You might be forgiven for mistaking Ichthyosaurus for the Jurassic equivalent of a bluefin tuna: this marine reptile had an amazingly fishlike shape, with a streamlined body, a finlike structure on its back, and a hydrodynamic, two-pronged tail. (The resemblance can be chalked up to convergent evolution, the tendency for creatures inhabiting the same ecological niches to evolve the same general features.)
One odd feature of Ichthyosaurus is that it possessed thick, massive ear bones, which likely onveyed subtle vibrations in the surrounding water to this marine reptile’s inner ear (an adaptation that doubtless aided Ichthyosaurus in locating and eating fish). Also, because various fossil specimens of Ichthyosaurus have been discovered with the remnants of babies nestled inside, it’s believed that this marine reptile didn’t lay eggs like most other reptiles, but gave birth to live young.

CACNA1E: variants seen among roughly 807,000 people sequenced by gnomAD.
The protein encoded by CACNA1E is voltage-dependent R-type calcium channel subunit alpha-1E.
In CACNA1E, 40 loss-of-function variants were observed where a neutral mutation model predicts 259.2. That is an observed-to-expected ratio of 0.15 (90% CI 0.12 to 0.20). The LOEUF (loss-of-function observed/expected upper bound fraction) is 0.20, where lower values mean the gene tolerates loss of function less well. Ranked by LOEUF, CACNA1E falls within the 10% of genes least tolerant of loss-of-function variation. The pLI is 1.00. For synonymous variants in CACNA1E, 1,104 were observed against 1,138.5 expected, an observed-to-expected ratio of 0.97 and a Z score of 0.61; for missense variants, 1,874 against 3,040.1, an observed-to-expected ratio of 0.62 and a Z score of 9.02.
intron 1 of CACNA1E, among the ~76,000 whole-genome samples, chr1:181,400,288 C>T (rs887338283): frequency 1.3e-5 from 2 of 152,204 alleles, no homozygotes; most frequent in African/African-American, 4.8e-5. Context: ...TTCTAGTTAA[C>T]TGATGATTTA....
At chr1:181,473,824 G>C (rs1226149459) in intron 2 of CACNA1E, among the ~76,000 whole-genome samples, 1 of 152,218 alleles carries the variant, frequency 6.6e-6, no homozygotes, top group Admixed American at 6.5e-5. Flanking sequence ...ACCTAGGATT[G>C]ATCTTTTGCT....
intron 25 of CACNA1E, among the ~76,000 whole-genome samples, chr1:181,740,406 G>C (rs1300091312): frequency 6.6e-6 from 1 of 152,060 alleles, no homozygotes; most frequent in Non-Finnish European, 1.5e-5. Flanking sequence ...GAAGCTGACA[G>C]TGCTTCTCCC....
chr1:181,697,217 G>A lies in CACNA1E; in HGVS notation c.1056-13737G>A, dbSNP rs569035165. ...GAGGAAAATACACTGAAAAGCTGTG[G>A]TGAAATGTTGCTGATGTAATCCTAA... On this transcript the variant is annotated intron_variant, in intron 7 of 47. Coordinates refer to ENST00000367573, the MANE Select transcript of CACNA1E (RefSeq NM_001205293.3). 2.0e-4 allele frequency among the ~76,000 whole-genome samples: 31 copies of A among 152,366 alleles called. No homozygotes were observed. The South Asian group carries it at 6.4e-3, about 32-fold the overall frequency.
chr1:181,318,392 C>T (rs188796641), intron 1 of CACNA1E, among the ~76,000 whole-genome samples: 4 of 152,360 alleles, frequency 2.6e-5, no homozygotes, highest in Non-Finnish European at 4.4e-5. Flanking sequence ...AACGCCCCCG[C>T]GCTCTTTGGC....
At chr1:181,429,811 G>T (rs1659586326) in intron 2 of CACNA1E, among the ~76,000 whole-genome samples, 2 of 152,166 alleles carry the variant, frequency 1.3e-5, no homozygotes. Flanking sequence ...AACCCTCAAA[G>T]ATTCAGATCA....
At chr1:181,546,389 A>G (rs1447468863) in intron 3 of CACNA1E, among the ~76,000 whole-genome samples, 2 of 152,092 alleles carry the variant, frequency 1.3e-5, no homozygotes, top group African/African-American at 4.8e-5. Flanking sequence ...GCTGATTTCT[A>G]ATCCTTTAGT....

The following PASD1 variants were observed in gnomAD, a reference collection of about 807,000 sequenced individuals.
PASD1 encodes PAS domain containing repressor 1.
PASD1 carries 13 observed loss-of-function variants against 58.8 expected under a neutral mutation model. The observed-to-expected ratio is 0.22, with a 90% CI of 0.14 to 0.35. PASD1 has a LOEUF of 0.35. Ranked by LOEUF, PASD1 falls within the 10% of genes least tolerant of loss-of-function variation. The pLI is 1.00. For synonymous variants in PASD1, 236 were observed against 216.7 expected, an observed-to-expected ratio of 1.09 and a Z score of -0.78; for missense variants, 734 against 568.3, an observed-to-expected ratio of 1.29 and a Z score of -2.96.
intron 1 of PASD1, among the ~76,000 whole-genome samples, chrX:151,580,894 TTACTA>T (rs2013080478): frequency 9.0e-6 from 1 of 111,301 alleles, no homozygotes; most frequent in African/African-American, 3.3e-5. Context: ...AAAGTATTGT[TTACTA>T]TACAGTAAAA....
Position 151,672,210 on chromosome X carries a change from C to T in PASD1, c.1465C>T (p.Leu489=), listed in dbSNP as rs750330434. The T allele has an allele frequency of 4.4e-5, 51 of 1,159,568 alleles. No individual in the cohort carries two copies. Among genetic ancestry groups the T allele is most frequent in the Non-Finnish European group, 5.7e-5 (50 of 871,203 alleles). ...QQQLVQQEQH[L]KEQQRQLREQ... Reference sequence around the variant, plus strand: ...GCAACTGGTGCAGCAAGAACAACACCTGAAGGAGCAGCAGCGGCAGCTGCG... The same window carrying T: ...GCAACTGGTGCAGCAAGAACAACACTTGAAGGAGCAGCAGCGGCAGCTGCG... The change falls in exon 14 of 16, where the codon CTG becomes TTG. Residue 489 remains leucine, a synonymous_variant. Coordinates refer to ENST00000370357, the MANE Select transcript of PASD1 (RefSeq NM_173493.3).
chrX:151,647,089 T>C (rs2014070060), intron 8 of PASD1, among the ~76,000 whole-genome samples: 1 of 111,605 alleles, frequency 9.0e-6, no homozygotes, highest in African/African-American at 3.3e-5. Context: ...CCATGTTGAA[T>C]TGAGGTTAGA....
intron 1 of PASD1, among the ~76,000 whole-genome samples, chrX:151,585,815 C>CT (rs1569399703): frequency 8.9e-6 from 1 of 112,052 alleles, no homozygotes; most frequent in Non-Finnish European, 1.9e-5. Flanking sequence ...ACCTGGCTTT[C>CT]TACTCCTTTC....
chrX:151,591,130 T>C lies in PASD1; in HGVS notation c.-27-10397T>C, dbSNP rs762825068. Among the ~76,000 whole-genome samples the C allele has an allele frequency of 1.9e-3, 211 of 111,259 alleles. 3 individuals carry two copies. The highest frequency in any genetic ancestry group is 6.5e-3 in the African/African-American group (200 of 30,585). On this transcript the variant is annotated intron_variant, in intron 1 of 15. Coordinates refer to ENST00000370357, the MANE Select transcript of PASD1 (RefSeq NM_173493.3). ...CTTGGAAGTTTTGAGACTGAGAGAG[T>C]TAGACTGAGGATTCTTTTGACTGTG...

As you may have guessed from its name, Ichthyosaurus has lent its name to an important family of marine reptiles, the ichthyosaurs, which descended from terrestrial reptiles that ventured into the water during the late Triassic period. Before they faded from the scene (supplanted by better adapted plesiosaurs and pliosaurs), in the late Jurassic period, the ichthyosaurs produced some truly massive genera, most notably the 30-foot-long, 50-ton Shonisaurus.